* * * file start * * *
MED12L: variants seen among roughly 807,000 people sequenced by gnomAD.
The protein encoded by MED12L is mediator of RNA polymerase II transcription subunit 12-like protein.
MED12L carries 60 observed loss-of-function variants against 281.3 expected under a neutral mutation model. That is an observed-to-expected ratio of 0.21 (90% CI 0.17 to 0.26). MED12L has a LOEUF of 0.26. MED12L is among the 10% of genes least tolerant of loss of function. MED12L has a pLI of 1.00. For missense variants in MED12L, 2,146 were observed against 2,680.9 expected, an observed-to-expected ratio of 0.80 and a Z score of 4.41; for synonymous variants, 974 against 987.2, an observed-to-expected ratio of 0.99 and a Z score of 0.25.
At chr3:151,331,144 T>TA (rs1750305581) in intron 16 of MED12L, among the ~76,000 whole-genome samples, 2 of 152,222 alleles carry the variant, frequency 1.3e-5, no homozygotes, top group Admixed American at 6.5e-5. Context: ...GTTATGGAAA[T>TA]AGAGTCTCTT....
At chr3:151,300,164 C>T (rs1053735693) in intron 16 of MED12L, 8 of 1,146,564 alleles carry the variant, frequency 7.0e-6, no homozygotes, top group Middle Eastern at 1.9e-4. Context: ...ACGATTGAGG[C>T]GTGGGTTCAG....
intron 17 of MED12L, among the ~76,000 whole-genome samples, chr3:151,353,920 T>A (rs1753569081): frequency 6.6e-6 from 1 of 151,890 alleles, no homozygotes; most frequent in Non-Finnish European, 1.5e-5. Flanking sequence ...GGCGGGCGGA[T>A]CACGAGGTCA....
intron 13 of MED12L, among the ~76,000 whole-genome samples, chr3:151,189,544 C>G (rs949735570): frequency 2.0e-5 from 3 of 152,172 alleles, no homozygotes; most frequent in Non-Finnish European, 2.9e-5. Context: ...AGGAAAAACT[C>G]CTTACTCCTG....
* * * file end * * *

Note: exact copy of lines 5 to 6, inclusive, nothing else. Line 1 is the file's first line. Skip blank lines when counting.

At chr3:151,300,164 C>T (rs1053735693) in intron 16 of MED12L, 8 of 1,146,564 alleles carry the variant, frequency 7.0e-6, no homozygotes, top group Middle Eastern at 1.9e-4. Context: ...ACGATTGAGG[C>T]GTGGGTTCAG....
intron 17 of MED12L, among the ~76,000 whole-genome samples, chr3:151,353,920 T>A (rs1753569081): frequency 6.6e-6 from 1 of 151,890 alleles, no homozygotes; most frequent in Non-Finnish European, 1.5e-5. Flanking sequence ...GGCGGGCGGA[T>A]CACGAGGTCA....